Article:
Join us to celebrate the launch of Erika Carter's LUCKY YOU in conversation with Maris Kreizman.
Your twenties are the time to go out, dance, and make mistakes, but there’s a catch. Practical questions need answering too: how to earn money, where to live, who to love. For most of us, including Erika Carter’s young female protagonists, the answers aren’t so clear. Reading LUCKY YOU, one can’t help but resonate and feel a nostalgic connection with Carter’s characters. Impulsive at best and self-destructive at worst, each perfectly embodies that all too familiar age of uncertainty, of boredom, of heartache.
Three women, early twenties, find themselves aimlessly adrift in Erika Carter’s fierce and darkly funny debut novel. Ellie, Chloe, and Rachel are friends (sort of); waitresses at the same tired bar in the Arkansas college town they’ve stuck around in too long. Each is becoming unmoored in her own way: Ellie obliterates all feeling with alcohol and self-destructive acts of sexual promiscuity; Chloe pulls out patches of her hair and struggles to keep incipient mental illness at bay; changeable Rachel has fallen under the sway of a messianic boyfriend with whom she’s agreed to live off-grid for a year in order to return to “health” and asks Ellie and Chloe to join them in “The Project.” In a remote, rural house in the Ozarks, nearly undone by boredom and the brewing tension between them, each tries to solve the conundrum of being alive.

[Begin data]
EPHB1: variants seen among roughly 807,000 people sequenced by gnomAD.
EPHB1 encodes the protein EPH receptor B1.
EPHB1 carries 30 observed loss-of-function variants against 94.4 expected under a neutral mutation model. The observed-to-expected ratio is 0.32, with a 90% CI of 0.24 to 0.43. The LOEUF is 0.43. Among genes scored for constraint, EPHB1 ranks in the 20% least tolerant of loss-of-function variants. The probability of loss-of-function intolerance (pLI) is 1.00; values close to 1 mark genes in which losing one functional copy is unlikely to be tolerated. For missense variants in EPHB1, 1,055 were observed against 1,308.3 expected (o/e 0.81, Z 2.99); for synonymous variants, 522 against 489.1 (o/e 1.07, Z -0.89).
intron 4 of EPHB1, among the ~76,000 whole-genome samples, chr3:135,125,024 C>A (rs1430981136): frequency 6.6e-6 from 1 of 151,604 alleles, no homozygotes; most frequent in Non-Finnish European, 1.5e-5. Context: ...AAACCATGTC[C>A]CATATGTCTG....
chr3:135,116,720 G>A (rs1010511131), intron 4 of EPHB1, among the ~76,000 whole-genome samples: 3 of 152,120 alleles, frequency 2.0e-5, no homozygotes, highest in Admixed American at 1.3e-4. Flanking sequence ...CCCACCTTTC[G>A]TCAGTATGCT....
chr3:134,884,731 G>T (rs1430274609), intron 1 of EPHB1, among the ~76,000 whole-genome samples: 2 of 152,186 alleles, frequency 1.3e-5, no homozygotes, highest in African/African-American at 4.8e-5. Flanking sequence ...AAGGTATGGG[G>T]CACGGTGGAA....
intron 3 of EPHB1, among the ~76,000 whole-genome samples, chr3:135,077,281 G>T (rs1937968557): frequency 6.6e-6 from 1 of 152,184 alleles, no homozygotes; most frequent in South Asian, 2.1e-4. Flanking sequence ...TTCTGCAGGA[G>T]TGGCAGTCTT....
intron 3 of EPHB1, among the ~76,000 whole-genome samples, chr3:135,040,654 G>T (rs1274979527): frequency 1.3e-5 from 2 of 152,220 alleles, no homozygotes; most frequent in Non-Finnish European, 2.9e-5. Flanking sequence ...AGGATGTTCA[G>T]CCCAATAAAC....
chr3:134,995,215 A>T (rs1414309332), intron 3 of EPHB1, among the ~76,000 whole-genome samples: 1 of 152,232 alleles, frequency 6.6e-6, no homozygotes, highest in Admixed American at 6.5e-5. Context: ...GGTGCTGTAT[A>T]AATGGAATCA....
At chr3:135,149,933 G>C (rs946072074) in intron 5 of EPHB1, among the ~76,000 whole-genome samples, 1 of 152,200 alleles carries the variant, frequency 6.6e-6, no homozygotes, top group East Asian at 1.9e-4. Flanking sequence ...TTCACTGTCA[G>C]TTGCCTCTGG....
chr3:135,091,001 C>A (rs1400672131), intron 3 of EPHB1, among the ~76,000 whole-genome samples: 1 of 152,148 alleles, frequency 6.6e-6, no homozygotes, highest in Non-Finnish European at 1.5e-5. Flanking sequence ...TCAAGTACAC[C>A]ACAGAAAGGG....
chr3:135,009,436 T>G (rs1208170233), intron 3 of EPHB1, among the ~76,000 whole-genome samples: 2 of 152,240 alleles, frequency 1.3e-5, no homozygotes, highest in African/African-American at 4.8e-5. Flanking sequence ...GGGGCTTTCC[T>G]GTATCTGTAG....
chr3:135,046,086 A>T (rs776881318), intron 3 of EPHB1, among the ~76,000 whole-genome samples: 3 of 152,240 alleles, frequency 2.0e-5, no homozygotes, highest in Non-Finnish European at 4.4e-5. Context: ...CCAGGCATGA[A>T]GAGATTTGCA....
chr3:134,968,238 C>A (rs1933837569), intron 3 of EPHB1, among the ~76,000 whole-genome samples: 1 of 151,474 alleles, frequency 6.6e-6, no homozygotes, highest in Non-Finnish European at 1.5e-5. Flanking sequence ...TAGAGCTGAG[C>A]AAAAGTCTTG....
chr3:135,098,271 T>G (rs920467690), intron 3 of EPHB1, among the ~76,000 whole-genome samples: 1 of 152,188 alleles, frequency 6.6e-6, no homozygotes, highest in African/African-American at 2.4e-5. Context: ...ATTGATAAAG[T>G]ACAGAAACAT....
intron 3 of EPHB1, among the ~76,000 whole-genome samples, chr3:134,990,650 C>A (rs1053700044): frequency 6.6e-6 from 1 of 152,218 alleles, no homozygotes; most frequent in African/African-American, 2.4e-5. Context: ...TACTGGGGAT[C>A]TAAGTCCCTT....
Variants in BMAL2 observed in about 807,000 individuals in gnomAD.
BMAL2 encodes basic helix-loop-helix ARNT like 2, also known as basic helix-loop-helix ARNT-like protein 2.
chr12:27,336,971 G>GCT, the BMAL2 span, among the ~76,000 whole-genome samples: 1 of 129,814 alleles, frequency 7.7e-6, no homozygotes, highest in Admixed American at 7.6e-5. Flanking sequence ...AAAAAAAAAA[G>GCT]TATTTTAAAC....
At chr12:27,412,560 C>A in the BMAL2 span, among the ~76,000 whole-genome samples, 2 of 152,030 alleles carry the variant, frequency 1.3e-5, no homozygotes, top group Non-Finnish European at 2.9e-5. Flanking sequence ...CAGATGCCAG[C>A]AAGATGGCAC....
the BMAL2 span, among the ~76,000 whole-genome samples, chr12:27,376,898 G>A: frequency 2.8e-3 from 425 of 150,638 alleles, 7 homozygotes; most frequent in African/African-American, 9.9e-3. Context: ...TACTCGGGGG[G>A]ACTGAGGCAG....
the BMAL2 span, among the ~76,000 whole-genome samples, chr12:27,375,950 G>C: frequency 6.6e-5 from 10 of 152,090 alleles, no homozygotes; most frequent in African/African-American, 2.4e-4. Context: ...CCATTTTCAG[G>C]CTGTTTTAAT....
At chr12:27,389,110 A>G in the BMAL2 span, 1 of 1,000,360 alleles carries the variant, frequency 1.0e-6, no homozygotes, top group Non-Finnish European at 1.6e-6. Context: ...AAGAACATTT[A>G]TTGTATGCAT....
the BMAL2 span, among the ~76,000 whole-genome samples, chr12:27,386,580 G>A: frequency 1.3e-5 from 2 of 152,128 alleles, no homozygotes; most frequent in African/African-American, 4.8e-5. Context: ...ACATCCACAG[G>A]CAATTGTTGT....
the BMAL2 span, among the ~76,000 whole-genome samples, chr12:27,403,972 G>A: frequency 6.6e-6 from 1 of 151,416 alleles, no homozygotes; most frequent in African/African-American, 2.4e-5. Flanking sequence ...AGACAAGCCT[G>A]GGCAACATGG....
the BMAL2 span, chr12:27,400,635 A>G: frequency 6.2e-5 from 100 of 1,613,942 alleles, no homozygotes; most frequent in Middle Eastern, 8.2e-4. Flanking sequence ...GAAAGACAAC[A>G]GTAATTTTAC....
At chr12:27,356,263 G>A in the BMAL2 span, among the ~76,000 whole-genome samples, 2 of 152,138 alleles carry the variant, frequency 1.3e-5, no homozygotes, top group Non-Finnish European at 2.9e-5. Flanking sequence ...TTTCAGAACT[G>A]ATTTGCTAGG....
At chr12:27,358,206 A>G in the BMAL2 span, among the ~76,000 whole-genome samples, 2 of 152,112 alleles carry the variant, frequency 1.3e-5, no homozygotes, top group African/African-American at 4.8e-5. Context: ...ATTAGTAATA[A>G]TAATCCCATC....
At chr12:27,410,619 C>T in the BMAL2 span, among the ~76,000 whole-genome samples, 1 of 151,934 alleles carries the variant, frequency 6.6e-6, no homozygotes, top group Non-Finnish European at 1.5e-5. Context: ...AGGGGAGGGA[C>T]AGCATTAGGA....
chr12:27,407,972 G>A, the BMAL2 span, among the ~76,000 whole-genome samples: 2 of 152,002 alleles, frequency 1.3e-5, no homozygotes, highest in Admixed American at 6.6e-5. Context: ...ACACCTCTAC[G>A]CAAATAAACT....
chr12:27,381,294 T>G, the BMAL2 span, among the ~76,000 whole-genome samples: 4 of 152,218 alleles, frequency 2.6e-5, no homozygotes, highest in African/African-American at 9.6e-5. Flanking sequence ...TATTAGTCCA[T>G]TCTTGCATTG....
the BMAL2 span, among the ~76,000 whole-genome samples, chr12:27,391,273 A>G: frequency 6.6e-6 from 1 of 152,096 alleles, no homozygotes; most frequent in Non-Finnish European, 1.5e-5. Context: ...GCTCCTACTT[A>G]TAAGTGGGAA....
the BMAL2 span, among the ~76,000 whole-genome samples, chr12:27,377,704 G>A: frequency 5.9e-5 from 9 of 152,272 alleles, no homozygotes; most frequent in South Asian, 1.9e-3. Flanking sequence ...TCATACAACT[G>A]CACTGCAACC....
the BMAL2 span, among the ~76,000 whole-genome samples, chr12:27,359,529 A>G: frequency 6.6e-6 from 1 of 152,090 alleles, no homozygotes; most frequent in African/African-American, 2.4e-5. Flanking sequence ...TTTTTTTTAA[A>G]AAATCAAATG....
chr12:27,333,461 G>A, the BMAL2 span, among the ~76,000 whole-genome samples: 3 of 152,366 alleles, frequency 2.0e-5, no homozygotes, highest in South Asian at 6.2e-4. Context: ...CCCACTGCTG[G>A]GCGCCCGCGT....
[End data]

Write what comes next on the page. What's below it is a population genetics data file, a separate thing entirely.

By turns funny, knowing, and hauntingly sad, LUCKY YOU delivers the kind of study in damage and detachment that made Mary Gaitskill’s Bad Behavior or Joan Didion’s Play It As It Lays so memorable. Early readers claim it has the same haunting undertones of Emma Cline’s The Girls (minus Charles Manson). With startling exactitude and wickedly deadpan humor, it lays bare the emotional core of its characters with surgical precision. The writing is deft and controlled, as natural and unforced as breath—which makes it impossible to look away.
Erika Carter lives in Richmond, Virginia. LUCKY YOU is her first novel. Visit her at @erikacscarter and erikacarter.net.
Maris Kreizman is the creator of Slaughterhouse 90210, a blog and book (Flatiron Books, 2015) that celebrates the intersection of her two great loves--literature and pop culture. She is a writer and critic whose work has appeared in the New York Times, BuzzFeed, The Hairpin, Vulture, Medium, Vol. 1 Brooklyn, and more. A former book editor, Maris takes special pleasure in critiquing her own writing.
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